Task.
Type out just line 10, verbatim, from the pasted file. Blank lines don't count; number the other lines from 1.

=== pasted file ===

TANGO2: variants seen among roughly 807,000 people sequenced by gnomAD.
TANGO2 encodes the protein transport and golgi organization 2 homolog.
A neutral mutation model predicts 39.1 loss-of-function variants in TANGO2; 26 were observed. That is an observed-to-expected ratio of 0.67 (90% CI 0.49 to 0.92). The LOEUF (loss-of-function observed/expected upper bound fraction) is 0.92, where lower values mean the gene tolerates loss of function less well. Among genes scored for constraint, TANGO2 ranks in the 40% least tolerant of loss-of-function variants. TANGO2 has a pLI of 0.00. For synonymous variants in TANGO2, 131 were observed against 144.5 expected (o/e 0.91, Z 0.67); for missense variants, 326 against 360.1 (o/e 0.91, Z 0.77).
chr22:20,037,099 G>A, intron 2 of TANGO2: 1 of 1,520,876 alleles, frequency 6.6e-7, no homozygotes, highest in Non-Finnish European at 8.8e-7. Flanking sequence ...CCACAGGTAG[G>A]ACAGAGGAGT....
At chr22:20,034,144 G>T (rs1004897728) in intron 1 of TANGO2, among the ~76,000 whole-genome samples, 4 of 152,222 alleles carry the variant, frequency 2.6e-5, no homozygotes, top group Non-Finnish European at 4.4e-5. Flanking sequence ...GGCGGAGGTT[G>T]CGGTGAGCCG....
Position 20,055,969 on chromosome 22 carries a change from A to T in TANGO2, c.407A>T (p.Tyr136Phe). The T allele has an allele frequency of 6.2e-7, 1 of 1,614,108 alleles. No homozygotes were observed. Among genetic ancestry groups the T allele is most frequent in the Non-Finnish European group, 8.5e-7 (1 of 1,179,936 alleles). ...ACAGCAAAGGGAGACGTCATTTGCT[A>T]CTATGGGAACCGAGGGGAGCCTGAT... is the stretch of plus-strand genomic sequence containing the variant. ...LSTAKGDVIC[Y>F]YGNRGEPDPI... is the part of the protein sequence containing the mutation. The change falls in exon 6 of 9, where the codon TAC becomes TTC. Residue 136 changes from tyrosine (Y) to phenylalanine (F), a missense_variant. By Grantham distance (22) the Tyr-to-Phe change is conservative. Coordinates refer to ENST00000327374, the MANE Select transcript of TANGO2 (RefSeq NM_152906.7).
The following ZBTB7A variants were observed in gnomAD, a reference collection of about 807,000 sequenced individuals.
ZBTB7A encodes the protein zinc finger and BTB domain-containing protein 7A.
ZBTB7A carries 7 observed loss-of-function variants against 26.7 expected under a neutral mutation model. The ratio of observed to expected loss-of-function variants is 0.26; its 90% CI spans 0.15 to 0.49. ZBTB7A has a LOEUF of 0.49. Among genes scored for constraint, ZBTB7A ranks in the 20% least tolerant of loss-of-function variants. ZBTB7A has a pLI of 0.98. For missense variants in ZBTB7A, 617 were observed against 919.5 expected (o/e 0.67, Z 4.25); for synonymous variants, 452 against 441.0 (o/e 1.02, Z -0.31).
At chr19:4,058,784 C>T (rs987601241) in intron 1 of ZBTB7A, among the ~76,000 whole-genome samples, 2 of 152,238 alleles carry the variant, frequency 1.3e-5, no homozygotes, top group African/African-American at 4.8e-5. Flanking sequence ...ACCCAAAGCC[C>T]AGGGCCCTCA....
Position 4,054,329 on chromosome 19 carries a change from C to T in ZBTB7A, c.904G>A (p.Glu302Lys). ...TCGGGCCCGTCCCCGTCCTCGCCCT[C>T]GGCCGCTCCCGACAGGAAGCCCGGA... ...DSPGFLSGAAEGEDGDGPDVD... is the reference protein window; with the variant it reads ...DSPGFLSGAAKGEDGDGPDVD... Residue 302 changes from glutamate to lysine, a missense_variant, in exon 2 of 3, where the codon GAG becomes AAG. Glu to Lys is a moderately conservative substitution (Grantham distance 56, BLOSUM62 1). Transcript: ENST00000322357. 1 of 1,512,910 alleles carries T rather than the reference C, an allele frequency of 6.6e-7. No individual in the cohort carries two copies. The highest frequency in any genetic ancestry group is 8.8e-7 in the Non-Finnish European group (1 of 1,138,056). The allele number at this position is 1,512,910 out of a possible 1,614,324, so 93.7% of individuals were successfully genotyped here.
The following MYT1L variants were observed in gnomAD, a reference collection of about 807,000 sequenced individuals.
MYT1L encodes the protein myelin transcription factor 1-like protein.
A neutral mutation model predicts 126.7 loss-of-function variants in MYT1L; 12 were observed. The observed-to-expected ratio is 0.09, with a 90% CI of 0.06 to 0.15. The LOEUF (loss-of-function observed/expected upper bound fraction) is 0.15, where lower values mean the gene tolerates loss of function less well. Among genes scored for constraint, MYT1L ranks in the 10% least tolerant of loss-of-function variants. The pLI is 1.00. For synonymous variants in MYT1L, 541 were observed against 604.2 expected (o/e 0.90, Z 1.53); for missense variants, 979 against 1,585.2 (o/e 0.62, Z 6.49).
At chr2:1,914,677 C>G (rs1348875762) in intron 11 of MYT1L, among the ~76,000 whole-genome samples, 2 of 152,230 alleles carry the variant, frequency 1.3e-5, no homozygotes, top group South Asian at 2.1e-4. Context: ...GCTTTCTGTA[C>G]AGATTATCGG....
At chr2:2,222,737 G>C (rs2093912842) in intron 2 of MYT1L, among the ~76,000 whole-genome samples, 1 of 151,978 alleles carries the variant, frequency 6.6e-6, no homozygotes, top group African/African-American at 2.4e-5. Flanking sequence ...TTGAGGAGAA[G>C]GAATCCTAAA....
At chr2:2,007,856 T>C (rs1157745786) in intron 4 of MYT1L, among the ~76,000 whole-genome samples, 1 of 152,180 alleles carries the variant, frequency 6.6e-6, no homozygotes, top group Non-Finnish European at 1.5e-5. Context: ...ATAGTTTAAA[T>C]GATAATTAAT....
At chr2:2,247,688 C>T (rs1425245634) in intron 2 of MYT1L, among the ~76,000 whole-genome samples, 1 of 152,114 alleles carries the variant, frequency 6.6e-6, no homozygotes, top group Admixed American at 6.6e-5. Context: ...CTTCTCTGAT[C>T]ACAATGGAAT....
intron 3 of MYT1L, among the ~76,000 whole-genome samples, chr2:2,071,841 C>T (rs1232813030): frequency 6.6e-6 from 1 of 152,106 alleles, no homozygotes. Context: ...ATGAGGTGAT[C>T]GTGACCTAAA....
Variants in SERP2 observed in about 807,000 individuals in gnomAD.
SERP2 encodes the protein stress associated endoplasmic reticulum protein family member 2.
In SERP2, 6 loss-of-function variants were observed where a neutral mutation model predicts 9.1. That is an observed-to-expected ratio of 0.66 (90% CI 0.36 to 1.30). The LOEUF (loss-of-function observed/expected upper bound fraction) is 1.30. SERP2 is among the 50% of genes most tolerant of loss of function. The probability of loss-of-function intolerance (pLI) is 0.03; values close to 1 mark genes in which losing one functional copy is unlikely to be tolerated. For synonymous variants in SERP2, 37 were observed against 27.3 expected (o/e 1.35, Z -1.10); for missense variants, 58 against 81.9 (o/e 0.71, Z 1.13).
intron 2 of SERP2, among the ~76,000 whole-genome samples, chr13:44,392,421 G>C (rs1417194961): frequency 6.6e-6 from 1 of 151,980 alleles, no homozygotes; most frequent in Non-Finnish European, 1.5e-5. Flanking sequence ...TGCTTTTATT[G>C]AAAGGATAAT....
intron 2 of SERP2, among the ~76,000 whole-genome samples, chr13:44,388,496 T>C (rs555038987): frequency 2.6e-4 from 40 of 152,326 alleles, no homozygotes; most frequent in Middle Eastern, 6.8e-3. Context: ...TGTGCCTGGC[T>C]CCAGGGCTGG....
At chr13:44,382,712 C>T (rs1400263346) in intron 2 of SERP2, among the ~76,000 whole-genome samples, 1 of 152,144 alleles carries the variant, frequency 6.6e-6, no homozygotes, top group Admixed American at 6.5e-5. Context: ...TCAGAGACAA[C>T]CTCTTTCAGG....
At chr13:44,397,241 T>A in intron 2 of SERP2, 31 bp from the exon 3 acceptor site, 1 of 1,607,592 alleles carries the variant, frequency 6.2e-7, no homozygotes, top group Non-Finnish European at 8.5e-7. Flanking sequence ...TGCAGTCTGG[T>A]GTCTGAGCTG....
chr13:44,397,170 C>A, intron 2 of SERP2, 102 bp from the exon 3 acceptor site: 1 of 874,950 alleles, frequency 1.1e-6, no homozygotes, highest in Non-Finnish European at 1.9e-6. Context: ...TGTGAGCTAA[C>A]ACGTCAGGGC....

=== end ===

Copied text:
At chr19:4,058,784 C>T (rs987601241) in intron 1 of ZBTB7A, among the ~76,000 whole-genome samples, 2 of 152,238 alleles carry the variant, frequency 1.3e-5, no homozygotes, top group African/African-American at 4.8e-5. Flanking sequence ...ACCCAAAGCC[C>T]AGGGCCCTCA....